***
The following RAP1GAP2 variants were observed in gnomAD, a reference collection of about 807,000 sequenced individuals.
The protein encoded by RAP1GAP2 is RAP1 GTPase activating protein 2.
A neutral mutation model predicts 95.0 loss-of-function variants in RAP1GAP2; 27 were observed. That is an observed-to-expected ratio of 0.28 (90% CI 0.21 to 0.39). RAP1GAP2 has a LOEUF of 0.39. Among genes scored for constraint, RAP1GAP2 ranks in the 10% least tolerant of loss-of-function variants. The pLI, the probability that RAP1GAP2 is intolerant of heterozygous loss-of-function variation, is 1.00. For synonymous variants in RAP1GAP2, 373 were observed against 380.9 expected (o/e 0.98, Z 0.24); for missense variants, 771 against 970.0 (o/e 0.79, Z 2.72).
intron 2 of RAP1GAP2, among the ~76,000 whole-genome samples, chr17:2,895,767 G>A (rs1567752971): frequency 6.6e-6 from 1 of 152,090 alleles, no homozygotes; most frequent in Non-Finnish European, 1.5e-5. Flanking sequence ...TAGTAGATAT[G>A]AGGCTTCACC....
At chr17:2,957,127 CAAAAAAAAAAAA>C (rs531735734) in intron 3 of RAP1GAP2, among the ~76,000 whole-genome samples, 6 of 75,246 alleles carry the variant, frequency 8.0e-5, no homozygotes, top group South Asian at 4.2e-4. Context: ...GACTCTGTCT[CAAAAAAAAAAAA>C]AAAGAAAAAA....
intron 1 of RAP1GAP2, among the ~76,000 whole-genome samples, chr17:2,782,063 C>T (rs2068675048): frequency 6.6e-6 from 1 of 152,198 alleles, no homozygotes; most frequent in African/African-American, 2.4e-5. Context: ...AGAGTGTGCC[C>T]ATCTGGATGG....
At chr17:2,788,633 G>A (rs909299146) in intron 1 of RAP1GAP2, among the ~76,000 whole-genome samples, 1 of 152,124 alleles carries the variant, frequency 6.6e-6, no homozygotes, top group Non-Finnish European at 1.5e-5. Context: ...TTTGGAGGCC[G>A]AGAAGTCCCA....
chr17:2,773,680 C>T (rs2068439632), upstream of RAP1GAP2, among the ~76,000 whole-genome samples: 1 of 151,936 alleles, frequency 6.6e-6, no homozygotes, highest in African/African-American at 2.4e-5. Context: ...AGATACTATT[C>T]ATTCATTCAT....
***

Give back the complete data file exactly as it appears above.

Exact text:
The following RAP1GAP2 variants were observed in gnomAD, a reference collection of about 807,000 sequenced individuals.
The protein encoded by RAP1GAP2 is RAP1 GTPase activating protein 2.
A neutral mutation model predicts 95.0 loss-of-function variants in RAP1GAP2; 27 were observed. That is an observed-to-expected ratio of 0.28 (90% CI 0.21 to 0.39). RAP1GAP2 has a LOEUF of 0.39. Among genes scored for constraint, RAP1GAP2 ranks in the 10% least tolerant of loss-of-function variants. The pLI, the probability that RAP1GAP2 is intolerant of heterozygous loss-of-function variation, is 1.00. For synonymous variants in RAP1GAP2, 373 were observed against 380.9 expected (o/e 0.98, Z 0.24); for missense variants, 771 against 970.0 (o/e 0.79, Z 2.72).
intron 2 of RAP1GAP2, among the ~76,000 whole-genome samples, chr17:2,895,767 G>A (rs1567752971): frequency 6.6e-6 from 1 of 152,090 alleles, no homozygotes; most frequent in Non-Finnish European, 1.5e-5. Flanking sequence ...TAGTAGATAT[G>A]AGGCTTCACC....
At chr17:2,957,127 CAAAAAAAAAAAA>C (rs531735734) in intron 3 of RAP1GAP2, among the ~76,000 whole-genome samples, 6 of 75,246 alleles carry the variant, frequency 8.0e-5, no homozygotes, top group South Asian at 4.2e-4. Context: ...GACTCTGTCT[CAAAAAAAAAAAA>C]AAAGAAAAAA....
intron 1 of RAP1GAP2, among the ~76,000 whole-genome samples, chr17:2,782,063 C>T (rs2068675048): frequency 6.6e-6 from 1 of 152,198 alleles, no homozygotes; most frequent in African/African-American, 2.4e-5. Context: ...AGAGTGTGCC[C>T]ATCTGGATGG....
At chr17:2,788,633 G>A (rs909299146) in intron 1 of RAP1GAP2, among the ~76,000 whole-genome samples, 1 of 152,124 alleles carries the variant, frequency 6.6e-6, no homozygotes, top group Non-Finnish European at 1.5e-5. Context: ...TTTGGAGGCC[G>A]AGAAGTCCCA....
chr17:2,773,680 C>T (rs2068439632), upstream of RAP1GAP2, among the ~76,000 whole-genome samples: 1 of 151,936 alleles, frequency 6.6e-6, no homozygotes, highest in African/African-American at 2.4e-5. Context: ...AGATACTATT[C>T]ATTCATTCAT....